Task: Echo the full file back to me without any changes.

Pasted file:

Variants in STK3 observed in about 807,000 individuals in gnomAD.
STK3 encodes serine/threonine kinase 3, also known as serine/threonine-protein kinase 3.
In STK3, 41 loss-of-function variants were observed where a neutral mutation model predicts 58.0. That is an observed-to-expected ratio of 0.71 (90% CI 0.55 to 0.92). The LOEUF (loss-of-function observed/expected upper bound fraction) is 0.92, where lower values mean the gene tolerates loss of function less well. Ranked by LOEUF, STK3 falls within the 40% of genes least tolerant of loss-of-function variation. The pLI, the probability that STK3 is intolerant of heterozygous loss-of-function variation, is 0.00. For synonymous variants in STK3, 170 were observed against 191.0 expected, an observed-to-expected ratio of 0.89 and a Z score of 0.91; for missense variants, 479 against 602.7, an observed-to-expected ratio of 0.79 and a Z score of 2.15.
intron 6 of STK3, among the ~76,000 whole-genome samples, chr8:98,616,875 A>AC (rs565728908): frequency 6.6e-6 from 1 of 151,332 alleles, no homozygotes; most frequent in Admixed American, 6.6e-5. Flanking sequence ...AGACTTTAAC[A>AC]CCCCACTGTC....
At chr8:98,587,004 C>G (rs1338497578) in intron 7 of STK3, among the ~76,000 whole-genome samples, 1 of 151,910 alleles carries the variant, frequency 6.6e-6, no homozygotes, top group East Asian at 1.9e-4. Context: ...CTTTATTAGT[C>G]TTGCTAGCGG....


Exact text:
Variants in STK3 observed in about 807,000 individuals in gnomAD.
STK3 encodes serine/threonine kinase 3, also known as serine/threonine-protein kinase 3.
In STK3, 41 loss-of-function variants were observed where a neutral mutation model predicts 58.0. That is an observed-to-expected ratio of 0.71 (90% CI 0.55 to 0.92). The LOEUF (loss-of-function observed/expected upper bound fraction) is 0.92, where lower values mean the gene tolerates loss of function less well. Ranked by LOEUF, STK3 falls within the 40% of genes least tolerant of loss-of-function variation. The pLI, the probability that STK3 is intolerant of heterozygous loss-of-function variation, is 0.00. For synonymous variants in STK3, 170 were observed against 191.0 expected, an observed-to-expected ratio of 0.89 and a Z score of 0.91; for missense variants, 479 against 602.7, an observed-to-expected ratio of 0.79 and a Z score of 2.15.
intron 6 of STK3, among the ~76,000 whole-genome samples, chr8:98,616,875 A>AC (rs565728908): frequency 6.6e-6 from 1 of 151,332 alleles, no homozygotes; most frequent in Admixed American, 6.6e-5. Flanking sequence ...AGACTTTAAC[A>AC]CCCCACTGTC....
At chr8:98,587,004 C>G (rs1338497578) in intron 7 of STK3, among the ~76,000 whole-genome samples, 1 of 151,910 alleles carries the variant, frequency 6.6e-6, no homozygotes, top group East Asian at 1.9e-4. Context: ...CTTTATTAGT[C>G]TTGCTAGCGG....